The selection of both approaches (i.e. BEMT and CFD) was based on the different advantages and disadvantages that each approach presents. BEMT analysis can provide a fast approach for the basic analysis and design of a wind turbine blade, while CFD can provide a 3D detailed view of the flow field development during the operation of a wind turbine, capturing secondary flow phenomena which cannot be resolved during BEMT analysis, and which are necessary for optimizing the wind turbine blade design, although computations are more time consuming. For these reasons, a noticeable number of works is presented in international literature using BEMT method or CFD computations for the analysis of wind turbines performance.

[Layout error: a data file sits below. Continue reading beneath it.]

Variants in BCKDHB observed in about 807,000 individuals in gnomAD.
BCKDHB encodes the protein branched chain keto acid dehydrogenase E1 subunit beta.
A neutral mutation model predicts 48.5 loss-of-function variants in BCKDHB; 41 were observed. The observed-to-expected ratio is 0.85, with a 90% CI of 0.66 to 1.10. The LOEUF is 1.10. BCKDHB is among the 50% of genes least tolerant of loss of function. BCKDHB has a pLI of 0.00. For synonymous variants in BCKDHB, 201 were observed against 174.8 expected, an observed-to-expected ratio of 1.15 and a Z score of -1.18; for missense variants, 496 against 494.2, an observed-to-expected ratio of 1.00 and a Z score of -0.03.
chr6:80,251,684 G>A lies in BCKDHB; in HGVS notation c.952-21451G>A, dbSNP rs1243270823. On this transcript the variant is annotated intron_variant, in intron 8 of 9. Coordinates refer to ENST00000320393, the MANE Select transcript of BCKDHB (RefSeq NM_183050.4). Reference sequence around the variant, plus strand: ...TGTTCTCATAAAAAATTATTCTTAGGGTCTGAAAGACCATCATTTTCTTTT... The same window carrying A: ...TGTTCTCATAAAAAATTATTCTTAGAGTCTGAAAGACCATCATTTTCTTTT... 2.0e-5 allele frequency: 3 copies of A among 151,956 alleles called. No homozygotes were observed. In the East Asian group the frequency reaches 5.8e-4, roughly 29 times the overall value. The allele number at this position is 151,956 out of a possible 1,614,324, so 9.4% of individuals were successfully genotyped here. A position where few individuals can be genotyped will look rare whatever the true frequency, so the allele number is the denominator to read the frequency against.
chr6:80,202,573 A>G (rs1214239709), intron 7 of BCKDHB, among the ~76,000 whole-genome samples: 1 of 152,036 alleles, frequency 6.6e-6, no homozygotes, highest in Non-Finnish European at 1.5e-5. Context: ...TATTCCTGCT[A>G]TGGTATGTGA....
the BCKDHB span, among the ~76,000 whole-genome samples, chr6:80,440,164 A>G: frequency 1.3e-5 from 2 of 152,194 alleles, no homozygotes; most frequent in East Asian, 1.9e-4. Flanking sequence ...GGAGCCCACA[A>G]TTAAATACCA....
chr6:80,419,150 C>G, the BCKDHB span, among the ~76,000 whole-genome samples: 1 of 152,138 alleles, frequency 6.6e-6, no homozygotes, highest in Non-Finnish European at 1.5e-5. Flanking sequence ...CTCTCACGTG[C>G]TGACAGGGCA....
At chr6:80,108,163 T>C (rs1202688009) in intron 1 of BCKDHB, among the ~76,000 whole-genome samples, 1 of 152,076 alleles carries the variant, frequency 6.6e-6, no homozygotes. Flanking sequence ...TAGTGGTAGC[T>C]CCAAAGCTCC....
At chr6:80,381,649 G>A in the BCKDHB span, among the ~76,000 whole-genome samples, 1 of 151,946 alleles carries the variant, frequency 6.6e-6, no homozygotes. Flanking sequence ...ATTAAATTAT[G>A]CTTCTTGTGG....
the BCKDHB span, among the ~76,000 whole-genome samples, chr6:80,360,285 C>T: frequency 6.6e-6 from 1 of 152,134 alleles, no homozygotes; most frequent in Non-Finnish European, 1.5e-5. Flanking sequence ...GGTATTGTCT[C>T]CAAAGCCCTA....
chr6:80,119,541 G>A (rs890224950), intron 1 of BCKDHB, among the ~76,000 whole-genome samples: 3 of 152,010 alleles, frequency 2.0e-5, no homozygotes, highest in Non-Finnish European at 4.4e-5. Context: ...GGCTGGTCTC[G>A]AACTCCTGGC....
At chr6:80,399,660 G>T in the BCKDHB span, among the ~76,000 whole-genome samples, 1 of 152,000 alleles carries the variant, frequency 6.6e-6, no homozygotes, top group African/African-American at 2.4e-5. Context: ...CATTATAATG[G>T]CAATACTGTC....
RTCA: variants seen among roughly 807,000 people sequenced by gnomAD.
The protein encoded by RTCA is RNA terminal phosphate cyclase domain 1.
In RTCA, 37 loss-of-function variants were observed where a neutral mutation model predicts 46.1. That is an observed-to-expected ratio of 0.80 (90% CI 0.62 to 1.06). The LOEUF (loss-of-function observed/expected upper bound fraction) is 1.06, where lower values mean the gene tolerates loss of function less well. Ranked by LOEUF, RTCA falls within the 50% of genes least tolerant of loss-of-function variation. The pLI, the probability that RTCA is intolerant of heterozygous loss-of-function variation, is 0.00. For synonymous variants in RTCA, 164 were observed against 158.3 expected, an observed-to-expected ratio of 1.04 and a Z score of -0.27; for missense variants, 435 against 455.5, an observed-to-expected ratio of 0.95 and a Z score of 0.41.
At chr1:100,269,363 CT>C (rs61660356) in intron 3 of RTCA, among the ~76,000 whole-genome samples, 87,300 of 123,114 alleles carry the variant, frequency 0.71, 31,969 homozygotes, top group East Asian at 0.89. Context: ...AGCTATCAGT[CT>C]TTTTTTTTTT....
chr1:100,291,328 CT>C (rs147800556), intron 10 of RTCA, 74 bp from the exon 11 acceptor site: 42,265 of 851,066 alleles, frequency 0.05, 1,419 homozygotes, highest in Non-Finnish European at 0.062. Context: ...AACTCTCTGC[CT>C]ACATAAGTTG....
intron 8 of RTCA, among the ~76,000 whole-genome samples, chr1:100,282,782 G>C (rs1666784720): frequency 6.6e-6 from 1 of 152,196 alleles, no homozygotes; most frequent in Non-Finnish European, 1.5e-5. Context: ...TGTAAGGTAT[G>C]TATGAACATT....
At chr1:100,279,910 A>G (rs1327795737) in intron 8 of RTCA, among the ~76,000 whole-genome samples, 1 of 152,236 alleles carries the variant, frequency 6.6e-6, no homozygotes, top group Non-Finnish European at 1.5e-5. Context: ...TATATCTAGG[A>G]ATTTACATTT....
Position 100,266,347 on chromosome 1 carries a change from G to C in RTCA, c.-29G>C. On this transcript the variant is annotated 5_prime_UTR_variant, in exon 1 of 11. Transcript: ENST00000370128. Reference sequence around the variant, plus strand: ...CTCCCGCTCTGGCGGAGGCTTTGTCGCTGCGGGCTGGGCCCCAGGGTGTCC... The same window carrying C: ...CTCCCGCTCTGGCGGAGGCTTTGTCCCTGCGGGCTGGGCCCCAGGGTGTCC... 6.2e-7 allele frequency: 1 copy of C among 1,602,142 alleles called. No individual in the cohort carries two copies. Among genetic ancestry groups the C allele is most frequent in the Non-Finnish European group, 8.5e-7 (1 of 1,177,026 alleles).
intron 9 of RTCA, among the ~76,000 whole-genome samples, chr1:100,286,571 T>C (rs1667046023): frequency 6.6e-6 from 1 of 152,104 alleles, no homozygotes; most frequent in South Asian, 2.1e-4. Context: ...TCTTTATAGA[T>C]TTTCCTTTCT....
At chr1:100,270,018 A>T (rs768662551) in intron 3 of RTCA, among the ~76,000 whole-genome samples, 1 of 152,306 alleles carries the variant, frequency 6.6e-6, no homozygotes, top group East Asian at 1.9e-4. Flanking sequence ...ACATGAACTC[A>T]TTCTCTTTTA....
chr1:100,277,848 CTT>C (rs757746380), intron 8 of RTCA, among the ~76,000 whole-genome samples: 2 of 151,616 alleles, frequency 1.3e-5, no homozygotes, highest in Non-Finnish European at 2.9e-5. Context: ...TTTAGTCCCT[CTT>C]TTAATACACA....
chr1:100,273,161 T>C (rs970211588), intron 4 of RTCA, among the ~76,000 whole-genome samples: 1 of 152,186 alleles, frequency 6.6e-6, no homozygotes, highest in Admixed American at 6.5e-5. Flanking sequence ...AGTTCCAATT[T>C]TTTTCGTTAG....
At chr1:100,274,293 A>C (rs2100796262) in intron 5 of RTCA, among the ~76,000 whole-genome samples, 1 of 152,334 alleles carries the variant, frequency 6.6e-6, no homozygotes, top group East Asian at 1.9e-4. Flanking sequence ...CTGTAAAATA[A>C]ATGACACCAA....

At the present work the results of BEMT together with CFD computations with k-ω SST and RSM turbulence models implemented in Ansys CFX software were used in order to examine the aerodynamic performance of a wind turbine based on a NACA4415 airfoil for angles of attack between -10° and 20°. The results were validated against experimental results presented in the work of Ostowari and Naik which presents data from the investigation of an untwisted constant chord blade using NACA4415 airfoil through experimental measurements in a wind tunnel. The measurements were carried out for blade aspect ratios of 6, 9, 12 to infinity and Reynolds number of 0.5x106 to 1x106 while the experimental data corresponding to Reynolds number of 0.75x106 and aspect ratio of infinity were used for validating the results of the 2D computations. At this point it must be mentioned that regarding the BEMT calculations, the effect of the airfoil design is taken into account by the calculation of the lift and drag coefficients which is performed by the XFOIL design analysis code which is integrated in the open source software QBlade, developed by Department of Experimental Fluid Mechanics from the Berlin Technical University.